Until the close of the nineteenth century, French colonial theory was based on the idea of assimilation, which gave France the responsibility for “civilizing” its colonies by absorbing them administratively and culturally. By the turn of the twentieth century, this idea had given way to the theory of association, which held that France’s new empire could be better served by a more flexible policy in which the colonized become partners with France in the colonial project. Raymond F. Betts examines the pivotal shift in colonial theory within the métropole, the debate that it generated, and its intellectual origins.
A landmark book in the field of French colonial theory, Assimilation and Association in French Colonial Theory, 1890–1914, has served as the central point of reference for every major colonial historian during the four decades since its original publication in 1961. Available in paperback for the first time, with a new preface by the author, this edition will interest all students of colonialism and introduce many younger scholars to what remains the best and most original book in the field.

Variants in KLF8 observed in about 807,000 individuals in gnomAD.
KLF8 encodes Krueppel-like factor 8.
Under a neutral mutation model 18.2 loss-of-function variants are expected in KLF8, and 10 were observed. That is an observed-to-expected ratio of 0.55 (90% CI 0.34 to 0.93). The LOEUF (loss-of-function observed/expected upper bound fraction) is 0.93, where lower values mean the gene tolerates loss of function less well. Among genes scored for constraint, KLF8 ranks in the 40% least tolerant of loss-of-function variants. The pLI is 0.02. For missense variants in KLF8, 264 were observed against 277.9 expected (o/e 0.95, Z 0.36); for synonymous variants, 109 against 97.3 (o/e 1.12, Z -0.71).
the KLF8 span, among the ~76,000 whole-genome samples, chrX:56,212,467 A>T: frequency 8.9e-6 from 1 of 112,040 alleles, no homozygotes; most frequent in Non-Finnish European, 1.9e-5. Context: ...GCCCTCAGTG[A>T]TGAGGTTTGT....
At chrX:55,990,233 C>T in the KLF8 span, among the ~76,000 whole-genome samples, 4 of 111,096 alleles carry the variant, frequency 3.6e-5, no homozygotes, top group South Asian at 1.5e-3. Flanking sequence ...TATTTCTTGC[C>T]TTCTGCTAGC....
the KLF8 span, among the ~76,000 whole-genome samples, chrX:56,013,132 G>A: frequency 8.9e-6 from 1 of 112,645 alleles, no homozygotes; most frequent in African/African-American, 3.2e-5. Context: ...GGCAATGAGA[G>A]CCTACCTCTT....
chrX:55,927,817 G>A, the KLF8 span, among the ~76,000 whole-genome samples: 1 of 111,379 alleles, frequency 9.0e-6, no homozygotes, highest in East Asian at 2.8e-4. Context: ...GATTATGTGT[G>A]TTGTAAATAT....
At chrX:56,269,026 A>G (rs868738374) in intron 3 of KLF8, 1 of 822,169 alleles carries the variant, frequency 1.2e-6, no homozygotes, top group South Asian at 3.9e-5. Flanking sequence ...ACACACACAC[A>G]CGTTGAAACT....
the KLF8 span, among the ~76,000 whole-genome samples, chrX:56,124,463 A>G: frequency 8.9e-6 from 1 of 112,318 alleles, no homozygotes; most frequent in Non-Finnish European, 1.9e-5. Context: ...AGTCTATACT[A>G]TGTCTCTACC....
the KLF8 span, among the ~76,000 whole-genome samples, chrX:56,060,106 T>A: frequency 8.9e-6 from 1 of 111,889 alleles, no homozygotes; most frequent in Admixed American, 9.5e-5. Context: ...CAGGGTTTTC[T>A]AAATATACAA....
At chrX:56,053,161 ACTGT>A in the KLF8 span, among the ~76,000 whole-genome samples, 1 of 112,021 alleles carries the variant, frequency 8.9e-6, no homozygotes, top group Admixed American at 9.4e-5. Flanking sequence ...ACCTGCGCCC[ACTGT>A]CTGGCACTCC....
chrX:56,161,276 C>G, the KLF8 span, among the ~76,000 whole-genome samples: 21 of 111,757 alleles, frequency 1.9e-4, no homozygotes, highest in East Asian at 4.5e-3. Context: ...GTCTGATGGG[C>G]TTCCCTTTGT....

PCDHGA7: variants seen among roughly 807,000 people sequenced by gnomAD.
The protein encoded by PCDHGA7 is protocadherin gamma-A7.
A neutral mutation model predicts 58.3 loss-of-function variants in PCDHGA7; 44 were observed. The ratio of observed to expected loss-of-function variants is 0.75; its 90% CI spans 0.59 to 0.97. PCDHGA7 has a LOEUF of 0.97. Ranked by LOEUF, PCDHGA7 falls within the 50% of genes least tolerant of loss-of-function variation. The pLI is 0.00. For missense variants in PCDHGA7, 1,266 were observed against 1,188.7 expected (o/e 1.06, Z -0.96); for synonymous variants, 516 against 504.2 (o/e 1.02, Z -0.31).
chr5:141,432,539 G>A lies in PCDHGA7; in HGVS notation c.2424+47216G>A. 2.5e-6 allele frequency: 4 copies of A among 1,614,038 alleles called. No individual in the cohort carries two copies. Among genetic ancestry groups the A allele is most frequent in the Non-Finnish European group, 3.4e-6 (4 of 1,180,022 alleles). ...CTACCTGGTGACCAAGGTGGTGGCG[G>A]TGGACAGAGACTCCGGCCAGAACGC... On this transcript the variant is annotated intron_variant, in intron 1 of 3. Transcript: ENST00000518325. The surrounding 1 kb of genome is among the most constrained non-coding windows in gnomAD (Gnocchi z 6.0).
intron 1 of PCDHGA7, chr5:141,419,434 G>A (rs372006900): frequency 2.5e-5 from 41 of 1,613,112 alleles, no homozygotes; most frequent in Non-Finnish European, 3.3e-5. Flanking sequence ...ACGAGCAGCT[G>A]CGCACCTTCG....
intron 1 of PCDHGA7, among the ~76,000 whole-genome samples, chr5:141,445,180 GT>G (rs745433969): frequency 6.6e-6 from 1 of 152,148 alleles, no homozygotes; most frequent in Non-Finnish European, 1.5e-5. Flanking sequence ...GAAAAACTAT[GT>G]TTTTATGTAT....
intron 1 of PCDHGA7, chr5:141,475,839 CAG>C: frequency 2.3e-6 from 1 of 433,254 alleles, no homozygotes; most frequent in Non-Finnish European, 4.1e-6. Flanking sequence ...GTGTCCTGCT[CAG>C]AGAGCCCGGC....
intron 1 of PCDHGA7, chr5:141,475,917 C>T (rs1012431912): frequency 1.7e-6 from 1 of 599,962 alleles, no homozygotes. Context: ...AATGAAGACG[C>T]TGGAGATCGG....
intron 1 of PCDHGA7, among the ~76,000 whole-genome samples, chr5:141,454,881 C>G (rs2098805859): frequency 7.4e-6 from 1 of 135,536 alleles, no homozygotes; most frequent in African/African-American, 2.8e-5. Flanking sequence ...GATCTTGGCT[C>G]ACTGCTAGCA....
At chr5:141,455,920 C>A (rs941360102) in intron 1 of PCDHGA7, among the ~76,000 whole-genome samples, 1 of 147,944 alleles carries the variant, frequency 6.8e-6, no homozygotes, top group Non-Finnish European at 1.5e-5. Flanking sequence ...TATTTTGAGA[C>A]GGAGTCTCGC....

Raymond F. Betts is a professor of history emeritus at the University of Kentucky and an expert in modern European imperialism. His many books include Decolonization and A History of Popular Culture: More of Everything, Faster, and Brighter.
“[An] elegant . . . neatly turned out study.”—The Economist
"A scholarly and valuable book; [Betts] has done a service to all students of the colonial period."—Annals of the American Academy of Political and Social Science